McGinn on Mind and the Imagination

The aim is to approach some central topics in the philosophy of mind through the work of the British philosopher, Colin McGinn. McGinn’s thinking about the mind is influenced by, among others, Hume, Kant, Sartre, and Chomsky, and his voice is a distinctive and controversial one in contemporary cognitive science. Our main text will be his recent Mindsight in which McGinn begins by making an elaborate distinction between perception and image, which he then uses in developing a theory of the imagination. The book includes a discussion of dreaming and the cognition of the child. We shall also look at chapters from McGinn’s earlier work The Problem of Consciousness, paying particular attention to his understanding of the mind as modular, his rejection of physicalism and his view that spatiality is essential to consciousness.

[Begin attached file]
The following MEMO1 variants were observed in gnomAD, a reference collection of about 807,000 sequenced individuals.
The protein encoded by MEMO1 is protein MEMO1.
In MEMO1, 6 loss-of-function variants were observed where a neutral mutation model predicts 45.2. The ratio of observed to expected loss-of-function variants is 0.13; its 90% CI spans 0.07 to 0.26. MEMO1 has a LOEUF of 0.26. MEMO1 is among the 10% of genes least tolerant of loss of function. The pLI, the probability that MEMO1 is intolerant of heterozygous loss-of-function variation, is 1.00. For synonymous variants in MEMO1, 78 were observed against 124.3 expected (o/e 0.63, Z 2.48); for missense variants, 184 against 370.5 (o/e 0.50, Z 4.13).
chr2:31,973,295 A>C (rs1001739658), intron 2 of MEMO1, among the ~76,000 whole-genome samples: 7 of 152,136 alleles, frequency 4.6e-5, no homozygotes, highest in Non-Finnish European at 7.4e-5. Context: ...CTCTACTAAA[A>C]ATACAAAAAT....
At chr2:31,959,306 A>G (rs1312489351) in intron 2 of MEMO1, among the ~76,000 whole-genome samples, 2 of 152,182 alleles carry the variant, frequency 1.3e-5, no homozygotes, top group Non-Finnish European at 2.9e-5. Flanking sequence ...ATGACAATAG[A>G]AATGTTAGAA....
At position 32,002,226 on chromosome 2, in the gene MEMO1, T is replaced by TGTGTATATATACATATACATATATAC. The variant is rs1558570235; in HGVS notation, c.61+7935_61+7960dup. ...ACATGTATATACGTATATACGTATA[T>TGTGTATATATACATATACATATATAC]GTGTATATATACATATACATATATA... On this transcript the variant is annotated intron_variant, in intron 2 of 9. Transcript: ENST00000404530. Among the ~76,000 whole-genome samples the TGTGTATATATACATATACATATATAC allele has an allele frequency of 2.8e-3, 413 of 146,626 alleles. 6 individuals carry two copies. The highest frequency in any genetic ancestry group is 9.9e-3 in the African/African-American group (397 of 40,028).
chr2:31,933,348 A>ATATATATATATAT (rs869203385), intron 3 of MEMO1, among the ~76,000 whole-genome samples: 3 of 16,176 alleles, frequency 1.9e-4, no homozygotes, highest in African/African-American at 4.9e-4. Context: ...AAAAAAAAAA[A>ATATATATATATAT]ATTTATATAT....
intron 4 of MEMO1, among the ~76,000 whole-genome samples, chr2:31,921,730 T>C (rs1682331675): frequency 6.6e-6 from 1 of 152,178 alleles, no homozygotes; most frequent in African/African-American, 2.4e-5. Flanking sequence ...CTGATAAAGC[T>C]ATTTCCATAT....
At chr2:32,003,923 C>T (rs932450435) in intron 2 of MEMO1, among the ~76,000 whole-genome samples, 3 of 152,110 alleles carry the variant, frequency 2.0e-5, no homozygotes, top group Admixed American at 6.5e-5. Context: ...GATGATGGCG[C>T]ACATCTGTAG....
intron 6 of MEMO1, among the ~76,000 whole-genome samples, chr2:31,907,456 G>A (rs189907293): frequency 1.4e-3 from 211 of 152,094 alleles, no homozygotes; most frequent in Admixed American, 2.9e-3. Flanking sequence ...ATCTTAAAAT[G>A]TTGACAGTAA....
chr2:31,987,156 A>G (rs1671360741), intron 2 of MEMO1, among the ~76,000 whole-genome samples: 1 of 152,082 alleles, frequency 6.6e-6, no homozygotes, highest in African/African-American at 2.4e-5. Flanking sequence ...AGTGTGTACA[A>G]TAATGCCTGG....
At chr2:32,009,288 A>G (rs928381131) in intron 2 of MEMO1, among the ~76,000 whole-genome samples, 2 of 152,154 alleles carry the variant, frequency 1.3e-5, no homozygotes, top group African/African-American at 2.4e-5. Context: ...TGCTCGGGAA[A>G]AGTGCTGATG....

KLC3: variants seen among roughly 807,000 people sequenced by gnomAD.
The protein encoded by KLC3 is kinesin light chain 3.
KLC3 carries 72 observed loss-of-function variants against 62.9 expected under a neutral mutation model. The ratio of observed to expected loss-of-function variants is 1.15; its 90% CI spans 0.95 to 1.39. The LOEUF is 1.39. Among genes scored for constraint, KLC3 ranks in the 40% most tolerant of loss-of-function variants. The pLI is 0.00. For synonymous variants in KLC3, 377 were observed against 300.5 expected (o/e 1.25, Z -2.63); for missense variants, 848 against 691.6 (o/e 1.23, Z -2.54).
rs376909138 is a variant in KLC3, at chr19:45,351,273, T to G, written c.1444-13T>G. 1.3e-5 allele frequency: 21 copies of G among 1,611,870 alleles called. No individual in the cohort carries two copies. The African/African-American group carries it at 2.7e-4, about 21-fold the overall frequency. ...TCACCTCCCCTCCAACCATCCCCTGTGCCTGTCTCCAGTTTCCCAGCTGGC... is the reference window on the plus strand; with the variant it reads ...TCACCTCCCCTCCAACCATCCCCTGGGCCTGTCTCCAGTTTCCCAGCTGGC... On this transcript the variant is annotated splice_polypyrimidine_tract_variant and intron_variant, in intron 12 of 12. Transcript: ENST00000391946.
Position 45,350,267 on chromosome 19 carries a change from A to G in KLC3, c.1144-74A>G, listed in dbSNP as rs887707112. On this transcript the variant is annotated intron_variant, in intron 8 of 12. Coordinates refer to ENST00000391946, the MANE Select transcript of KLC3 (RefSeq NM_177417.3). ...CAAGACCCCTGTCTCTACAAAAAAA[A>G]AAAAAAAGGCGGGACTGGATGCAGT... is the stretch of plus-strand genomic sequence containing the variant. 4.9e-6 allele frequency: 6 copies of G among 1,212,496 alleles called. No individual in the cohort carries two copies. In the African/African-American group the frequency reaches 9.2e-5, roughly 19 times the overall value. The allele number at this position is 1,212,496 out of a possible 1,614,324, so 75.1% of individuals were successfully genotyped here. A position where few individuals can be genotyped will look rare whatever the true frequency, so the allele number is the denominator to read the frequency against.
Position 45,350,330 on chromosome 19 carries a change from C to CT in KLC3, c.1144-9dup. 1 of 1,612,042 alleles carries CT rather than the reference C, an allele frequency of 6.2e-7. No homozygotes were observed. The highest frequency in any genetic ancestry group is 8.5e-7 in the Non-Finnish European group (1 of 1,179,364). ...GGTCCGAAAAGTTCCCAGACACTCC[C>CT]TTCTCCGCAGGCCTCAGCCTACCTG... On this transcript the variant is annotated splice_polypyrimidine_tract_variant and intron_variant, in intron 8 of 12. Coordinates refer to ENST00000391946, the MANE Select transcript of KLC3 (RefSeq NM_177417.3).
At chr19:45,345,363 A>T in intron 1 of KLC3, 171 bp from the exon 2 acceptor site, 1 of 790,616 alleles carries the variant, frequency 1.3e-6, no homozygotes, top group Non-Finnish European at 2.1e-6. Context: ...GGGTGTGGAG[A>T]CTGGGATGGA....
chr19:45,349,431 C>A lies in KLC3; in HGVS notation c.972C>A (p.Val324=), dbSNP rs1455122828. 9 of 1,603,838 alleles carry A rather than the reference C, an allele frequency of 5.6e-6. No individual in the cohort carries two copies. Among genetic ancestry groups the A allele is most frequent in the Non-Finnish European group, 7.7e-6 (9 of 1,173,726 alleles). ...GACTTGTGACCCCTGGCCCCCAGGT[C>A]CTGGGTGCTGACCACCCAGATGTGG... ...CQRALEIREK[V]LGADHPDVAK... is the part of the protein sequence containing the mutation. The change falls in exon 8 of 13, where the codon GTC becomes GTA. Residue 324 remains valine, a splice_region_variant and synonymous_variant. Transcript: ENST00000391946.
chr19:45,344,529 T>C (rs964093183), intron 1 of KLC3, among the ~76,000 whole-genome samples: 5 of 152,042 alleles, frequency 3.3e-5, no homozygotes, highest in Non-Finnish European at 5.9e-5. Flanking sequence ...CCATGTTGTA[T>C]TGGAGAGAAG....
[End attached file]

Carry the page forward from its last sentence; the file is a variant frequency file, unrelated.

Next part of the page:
The course will conducted in English throughout and students will required to write an end of term paper (5-7 pages).

Primary Texts:
Colin McGinn. Mindsight: Image, Dream, Meaning, Harvard, 2004
Colin McGinn. The Problem of Consciousness, Oxford University Press, 1990